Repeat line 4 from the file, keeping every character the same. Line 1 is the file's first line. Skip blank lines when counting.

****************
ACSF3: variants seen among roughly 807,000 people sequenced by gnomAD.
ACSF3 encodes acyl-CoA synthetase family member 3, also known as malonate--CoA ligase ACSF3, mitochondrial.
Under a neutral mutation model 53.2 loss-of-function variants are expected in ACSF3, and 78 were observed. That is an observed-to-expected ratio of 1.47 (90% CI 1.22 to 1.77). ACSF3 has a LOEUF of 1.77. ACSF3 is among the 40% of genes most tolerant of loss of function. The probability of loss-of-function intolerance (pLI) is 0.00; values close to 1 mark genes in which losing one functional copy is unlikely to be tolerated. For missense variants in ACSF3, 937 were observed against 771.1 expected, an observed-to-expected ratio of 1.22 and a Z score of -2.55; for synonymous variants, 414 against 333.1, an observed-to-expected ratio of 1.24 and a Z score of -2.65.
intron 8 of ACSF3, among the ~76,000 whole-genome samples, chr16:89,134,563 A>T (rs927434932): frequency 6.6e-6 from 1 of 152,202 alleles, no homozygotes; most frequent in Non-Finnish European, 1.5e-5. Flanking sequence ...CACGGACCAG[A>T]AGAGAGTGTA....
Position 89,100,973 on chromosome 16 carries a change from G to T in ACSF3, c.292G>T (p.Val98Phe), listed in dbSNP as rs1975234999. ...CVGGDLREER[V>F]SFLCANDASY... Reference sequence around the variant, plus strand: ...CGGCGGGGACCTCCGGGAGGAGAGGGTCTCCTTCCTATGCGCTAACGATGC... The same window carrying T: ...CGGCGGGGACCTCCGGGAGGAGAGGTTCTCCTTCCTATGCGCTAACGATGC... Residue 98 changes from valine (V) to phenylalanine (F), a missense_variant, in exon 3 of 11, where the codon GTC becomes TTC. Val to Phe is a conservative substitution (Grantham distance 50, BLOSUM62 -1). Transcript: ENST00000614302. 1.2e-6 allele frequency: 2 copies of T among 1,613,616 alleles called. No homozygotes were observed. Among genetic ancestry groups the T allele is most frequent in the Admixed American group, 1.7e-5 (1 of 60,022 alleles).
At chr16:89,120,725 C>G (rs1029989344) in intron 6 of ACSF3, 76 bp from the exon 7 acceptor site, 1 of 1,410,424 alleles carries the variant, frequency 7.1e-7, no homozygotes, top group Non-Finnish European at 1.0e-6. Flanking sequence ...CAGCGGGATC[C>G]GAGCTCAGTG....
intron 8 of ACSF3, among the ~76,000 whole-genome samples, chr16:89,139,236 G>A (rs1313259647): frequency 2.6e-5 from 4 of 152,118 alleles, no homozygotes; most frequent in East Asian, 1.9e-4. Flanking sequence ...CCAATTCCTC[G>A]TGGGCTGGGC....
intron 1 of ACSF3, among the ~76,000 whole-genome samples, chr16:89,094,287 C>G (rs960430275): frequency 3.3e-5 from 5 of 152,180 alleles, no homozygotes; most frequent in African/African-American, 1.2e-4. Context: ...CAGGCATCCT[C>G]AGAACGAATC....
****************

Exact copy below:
intron 8 of ACSF3, among the ~76,000 whole-genome samples, chr16:89,134,563 A>T (rs927434932): frequency 6.6e-6 from 1 of 152,202 alleles, no homozygotes; most frequent in Non-Finnish European, 1.5e-5. Flanking sequence ...CACGGACCAG[A>T]AGAGAGTGTA....